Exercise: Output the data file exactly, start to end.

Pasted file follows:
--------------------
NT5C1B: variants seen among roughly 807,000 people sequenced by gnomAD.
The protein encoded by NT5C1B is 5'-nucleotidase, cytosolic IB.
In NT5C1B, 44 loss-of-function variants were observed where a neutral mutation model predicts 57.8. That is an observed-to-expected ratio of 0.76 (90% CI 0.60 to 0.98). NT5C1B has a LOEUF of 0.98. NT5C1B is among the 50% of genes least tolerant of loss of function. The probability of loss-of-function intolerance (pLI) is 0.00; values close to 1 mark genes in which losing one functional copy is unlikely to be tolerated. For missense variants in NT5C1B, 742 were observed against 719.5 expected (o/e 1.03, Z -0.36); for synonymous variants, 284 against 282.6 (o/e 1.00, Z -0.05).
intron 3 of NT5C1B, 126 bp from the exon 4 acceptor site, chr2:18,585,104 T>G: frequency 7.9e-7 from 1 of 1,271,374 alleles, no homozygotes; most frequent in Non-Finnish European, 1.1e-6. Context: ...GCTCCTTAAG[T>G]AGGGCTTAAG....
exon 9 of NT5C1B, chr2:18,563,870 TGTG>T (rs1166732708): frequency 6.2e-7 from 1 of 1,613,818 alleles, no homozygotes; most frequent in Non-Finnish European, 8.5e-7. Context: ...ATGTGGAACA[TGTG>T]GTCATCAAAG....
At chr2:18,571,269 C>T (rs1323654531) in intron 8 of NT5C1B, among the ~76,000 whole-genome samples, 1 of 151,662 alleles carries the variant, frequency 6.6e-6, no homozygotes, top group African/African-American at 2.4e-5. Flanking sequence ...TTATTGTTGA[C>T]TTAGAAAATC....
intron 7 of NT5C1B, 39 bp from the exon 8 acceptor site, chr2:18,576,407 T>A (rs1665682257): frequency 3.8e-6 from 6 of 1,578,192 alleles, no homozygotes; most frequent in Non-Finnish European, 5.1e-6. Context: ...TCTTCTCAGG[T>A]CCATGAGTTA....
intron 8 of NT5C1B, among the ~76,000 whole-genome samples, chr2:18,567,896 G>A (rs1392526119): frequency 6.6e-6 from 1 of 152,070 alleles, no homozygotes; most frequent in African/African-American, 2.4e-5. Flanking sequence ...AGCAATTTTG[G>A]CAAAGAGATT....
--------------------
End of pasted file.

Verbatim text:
NT5C1B: variants seen among roughly 807,000 people sequenced by gnomAD.
The protein encoded by NT5C1B is 5'-nucleotidase, cytosolic IB.
In NT5C1B, 44 loss-of-function variants were observed where a neutral mutation model predicts 57.8. That is an observed-to-expected ratio of 0.76 (90% CI 0.60 to 0.98). NT5C1B has a LOEUF of 0.98. NT5C1B is among the 50% of genes least tolerant of loss of function. The probability of loss-of-function intolerance (pLI) is 0.00; values close to 1 mark genes in which losing one functional copy is unlikely to be tolerated. For missense variants in NT5C1B, 742 were observed against 719.5 expected (o/e 1.03, Z -0.36); for synonymous variants, 284 against 282.6 (o/e 1.00, Z -0.05).
intron 3 of NT5C1B, 126 bp from the exon 4 acceptor site, chr2:18,585,104 T>G: frequency 7.9e-7 from 1 of 1,271,374 alleles, no homozygotes; most frequent in Non-Finnish European, 1.1e-6. Context: ...GCTCCTTAAG[T>G]AGGGCTTAAG....
exon 9 of NT5C1B, chr2:18,563,870 TGTG>T (rs1166732708): frequency 6.2e-7 from 1 of 1,613,818 alleles, no homozygotes; most frequent in Non-Finnish European, 8.5e-7. Context: ...ATGTGGAACA[TGTG>T]GTCATCAAAG....
At chr2:18,571,269 C>T (rs1323654531) in intron 8 of NT5C1B, among the ~76,000 whole-genome samples, 1 of 151,662 alleles carries the variant, frequency 6.6e-6, no homozygotes, top group African/African-American at 2.4e-5. Flanking sequence ...TTATTGTTGA[C>T]TTAGAAAATC....
intron 7 of NT5C1B, 39 bp from the exon 8 acceptor site, chr2:18,576,407 T>A (rs1665682257): frequency 3.8e-6 from 6 of 1,578,192 alleles, no homozygotes; most frequent in Non-Finnish European, 5.1e-6. Context: ...TCTTCTCAGG[T>A]CCATGAGTTA....
intron 8 of NT5C1B, among the ~76,000 whole-genome samples, chr2:18,567,896 G>A (rs1392526119): frequency 6.6e-6 from 1 of 152,070 alleles, no homozygotes; most frequent in African/African-American, 2.4e-5. Flanking sequence ...AGCAATTTTG[G>A]CAAAGAGATT....